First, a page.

Transparency and Compliance for Cross-Border Cover Payment Messages: Federal Banking Regulators Issue Guidance on Transparency and Compliance for U.S. Banking Organizations Conducting Cross-Border Funds Transfers

Sullivan & Cromwell LLP - December 24, 2009
Download

On December 17, 2009, the U.S. Federal banking regulators, in consultation with the U.S. Department of the Treasury’s Office of Foreign Assets Control (“OFAC”) and Financial Crimes Enforcement Network, issued interagency guidance to clarify the supervisory perspective on certain key points discussed in the May 2009 paper of the Basel Committee on Banking Supervision (the “Basel Committee”) addressing transparency in cross-border cover payment messages (the “Cover Payments Paper”). The Basel Committee published the Cover Payments Paper in response to the April 2007 statement of the Wolfsberg Group and The Clearing House Association, which offers recommendations to enhance transparency in cover payment messages. In the Cover Payments Paper, the Basel Committee addresses supervisory expectations as to the inclusion of information in cover payment messages and the roles of the various financial institutions—the originator’s bank, the cover intermediary banks, and the beneficiary’s bank—with regard to that information and in implementing the new SWIFT message format, MT 202 COV. MT 202 COV was effective as of November 21, 2009 and contains mandatory fields for information on the originator and beneficiary of a funds transfer, information not provided in the previous message format. The guidance focuses on three aspects of the Cover Payments Paper:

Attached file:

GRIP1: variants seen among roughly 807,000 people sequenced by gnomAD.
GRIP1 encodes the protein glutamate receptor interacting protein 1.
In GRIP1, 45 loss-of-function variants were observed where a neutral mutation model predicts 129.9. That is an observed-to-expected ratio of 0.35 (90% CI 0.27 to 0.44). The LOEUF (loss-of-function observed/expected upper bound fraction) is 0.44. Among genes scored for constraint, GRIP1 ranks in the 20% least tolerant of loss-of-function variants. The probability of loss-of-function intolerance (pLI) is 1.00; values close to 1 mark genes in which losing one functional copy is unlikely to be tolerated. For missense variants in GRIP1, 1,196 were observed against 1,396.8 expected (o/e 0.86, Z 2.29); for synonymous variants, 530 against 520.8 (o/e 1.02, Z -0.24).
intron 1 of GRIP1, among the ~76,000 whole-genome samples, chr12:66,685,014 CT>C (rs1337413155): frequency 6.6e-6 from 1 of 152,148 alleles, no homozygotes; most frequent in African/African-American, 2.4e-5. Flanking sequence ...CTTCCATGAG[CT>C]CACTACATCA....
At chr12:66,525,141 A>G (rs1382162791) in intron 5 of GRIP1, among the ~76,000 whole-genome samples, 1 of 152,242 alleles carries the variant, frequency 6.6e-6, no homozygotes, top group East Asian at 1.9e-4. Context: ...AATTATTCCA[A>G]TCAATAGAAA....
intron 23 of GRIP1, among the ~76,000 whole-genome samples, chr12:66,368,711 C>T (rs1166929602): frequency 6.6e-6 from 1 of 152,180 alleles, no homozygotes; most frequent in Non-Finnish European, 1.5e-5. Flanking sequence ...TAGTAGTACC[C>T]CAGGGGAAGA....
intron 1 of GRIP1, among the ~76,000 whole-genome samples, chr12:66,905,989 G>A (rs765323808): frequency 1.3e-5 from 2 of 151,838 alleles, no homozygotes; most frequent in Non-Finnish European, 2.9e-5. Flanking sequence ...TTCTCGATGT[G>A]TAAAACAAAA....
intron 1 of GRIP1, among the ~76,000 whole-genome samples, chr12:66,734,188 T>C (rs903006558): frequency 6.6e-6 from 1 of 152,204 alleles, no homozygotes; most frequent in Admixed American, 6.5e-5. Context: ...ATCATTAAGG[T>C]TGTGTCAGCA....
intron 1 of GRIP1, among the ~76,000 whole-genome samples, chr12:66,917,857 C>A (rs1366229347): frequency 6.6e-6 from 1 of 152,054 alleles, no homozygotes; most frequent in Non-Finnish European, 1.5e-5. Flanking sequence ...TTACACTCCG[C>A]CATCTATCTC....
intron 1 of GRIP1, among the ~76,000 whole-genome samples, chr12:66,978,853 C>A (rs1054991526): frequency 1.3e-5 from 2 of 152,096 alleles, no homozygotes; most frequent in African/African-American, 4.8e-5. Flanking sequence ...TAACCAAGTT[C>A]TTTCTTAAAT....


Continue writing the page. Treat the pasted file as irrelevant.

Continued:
• Mandatory use of the MT 202 COV format for all cover payments originated by U.S. financial institutions.
  • Supervisory expectations regarding screening and monitoring of cover payments by intermediary banks.
  • The general supervisory approach with respect to cross-border cover payments in the form of instructions for examiners on assessing risk management practices and compliance processes.

The guidance is of particular relevance for financial institutions that act as intermediaries in cover payments, as it notes the role of correspondent banks in encouraging transparency in cover payment messages and indicates that intermediary banks are expected within reasonable time frames to have as part of their electronic monitoring processes for funds transfers a risk-based method to identify cover payments with incomplete fields or fields with meaningless data and should have processes in place to address such situations as part of its overall risk management for correspondent banking services.